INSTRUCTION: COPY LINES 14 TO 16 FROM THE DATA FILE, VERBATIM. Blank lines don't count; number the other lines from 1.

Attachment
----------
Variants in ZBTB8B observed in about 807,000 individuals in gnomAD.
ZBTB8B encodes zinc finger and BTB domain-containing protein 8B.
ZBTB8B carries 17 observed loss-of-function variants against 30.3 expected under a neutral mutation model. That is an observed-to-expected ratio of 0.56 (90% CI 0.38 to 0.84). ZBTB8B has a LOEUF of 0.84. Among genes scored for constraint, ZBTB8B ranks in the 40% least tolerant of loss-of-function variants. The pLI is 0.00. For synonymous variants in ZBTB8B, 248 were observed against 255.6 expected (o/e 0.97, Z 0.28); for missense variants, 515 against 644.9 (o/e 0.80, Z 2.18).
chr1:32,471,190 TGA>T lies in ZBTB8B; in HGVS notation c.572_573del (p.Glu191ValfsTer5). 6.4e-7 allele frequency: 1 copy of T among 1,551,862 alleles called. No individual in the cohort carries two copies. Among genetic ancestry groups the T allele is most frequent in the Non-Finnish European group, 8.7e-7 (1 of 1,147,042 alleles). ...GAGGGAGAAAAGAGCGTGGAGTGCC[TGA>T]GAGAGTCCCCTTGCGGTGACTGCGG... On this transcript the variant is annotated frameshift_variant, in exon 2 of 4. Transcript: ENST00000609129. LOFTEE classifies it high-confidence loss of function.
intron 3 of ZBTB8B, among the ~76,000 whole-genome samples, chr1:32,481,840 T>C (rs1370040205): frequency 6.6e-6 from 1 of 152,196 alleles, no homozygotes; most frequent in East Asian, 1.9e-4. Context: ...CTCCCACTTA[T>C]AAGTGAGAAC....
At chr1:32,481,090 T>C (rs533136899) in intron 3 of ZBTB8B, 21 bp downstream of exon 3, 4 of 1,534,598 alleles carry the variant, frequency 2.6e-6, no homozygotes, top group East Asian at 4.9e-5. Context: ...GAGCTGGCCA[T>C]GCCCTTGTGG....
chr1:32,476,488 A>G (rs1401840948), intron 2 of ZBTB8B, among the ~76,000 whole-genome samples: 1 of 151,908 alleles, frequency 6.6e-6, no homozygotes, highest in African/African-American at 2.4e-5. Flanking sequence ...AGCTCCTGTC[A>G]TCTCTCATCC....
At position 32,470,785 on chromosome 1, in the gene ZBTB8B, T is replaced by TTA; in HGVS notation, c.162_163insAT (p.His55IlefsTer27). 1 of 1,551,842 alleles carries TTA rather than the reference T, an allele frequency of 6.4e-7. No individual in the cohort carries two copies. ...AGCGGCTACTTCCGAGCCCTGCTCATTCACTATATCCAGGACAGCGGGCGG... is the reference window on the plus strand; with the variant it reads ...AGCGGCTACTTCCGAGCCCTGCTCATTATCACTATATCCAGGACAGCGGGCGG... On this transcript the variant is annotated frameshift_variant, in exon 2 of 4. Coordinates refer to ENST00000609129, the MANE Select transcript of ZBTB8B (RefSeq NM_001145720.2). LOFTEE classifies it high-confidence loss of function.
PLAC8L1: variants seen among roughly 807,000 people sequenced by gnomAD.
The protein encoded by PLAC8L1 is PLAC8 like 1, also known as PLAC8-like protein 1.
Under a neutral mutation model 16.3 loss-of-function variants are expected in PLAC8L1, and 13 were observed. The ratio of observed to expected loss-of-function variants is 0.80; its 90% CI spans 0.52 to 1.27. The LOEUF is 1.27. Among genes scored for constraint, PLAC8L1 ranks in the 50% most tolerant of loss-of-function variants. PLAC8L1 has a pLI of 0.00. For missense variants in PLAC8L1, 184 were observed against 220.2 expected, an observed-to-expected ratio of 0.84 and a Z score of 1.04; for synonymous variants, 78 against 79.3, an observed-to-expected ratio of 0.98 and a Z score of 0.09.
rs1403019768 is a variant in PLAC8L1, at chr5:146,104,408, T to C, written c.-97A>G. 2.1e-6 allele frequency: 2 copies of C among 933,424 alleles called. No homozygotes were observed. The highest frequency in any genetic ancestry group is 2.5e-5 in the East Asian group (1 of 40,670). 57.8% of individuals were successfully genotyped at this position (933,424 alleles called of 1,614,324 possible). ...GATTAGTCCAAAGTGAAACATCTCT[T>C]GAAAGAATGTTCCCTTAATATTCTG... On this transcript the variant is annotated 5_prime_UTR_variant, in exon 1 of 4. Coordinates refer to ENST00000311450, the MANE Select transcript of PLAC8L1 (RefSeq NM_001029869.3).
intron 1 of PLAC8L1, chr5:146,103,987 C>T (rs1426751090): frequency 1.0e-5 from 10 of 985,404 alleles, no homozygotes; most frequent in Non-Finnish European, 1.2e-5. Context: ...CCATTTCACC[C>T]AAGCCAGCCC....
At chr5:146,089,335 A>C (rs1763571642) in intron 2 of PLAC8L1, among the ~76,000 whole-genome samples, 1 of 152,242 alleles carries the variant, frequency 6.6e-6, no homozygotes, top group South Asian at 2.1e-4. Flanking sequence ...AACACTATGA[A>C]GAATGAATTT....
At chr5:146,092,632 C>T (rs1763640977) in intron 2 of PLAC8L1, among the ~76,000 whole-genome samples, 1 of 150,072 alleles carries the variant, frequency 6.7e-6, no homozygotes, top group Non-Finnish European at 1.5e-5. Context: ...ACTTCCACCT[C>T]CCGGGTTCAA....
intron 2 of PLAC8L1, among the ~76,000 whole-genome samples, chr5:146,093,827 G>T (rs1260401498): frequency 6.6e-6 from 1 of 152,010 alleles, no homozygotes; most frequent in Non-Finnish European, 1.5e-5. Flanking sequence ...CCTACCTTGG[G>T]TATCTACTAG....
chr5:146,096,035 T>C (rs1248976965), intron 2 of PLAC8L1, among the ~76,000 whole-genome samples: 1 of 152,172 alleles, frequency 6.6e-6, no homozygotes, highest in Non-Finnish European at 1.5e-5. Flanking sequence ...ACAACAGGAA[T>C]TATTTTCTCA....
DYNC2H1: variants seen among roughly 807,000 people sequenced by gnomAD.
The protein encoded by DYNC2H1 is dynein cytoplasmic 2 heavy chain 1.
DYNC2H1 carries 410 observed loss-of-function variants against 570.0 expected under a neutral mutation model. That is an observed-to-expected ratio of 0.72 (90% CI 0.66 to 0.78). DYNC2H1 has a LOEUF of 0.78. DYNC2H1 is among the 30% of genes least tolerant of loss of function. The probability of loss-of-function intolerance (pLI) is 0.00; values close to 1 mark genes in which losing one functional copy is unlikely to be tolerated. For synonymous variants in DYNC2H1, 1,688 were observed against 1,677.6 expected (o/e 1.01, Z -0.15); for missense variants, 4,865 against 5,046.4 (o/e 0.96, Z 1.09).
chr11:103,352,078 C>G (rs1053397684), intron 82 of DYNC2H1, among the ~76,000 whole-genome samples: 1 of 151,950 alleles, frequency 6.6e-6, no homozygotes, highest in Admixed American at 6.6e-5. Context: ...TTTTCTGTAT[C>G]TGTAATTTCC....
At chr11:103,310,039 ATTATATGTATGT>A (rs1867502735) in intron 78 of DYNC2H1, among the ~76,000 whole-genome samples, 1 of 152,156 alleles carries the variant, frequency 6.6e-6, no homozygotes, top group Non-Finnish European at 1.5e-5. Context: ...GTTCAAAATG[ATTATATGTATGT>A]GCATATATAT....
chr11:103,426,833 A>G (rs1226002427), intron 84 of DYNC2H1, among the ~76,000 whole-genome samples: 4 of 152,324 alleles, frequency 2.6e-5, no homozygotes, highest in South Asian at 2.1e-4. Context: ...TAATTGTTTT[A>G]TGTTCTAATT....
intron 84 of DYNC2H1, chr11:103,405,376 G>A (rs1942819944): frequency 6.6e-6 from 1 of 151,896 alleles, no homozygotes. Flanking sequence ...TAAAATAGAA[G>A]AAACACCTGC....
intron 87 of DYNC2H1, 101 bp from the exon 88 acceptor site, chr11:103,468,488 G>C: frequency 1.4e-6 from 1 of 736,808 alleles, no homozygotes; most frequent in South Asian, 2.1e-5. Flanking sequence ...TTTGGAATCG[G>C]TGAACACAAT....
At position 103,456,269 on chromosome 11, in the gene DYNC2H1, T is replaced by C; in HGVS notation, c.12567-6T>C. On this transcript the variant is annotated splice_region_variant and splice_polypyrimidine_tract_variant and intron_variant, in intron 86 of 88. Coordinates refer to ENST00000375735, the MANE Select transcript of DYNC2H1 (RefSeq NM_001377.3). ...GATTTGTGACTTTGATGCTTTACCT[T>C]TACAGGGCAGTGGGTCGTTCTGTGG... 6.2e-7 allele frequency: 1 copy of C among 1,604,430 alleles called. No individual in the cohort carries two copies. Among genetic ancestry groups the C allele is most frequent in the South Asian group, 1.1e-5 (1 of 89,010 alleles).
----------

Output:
At chr5:146,089,335 A>C (rs1763571642) in intron 2 of PLAC8L1, among the ~76,000 whole-genome samples, 1 of 152,242 alleles carries the variant, frequency 6.6e-6, no homozygotes, top group South Asian at 2.1e-4. Flanking sequence ...AACACTATGA[A>C]GAATGAATTT....
At chr5:146,092,632 C>T (rs1763640977) in intron 2 of PLAC8L1, among the ~76,000 whole-genome samples, 1 of 150,072 alleles carries the variant, frequency 6.7e-6, no homozygotes, top group Non-Finnish European at 1.5e-5. Context: ...ACTTCCACCT[C>T]CCGGGTTCAA....
intron 2 of PLAC8L1, among the ~76,000 whole-genome samples, chr5:146,093,827 G>T (rs1260401498): frequency 6.6e-6 from 1 of 152,010 alleles, no homozygotes; most frequent in Non-Finnish European, 1.5e-5. Flanking sequence ...CCTACCTTGG[G>T]TATCTACTAG....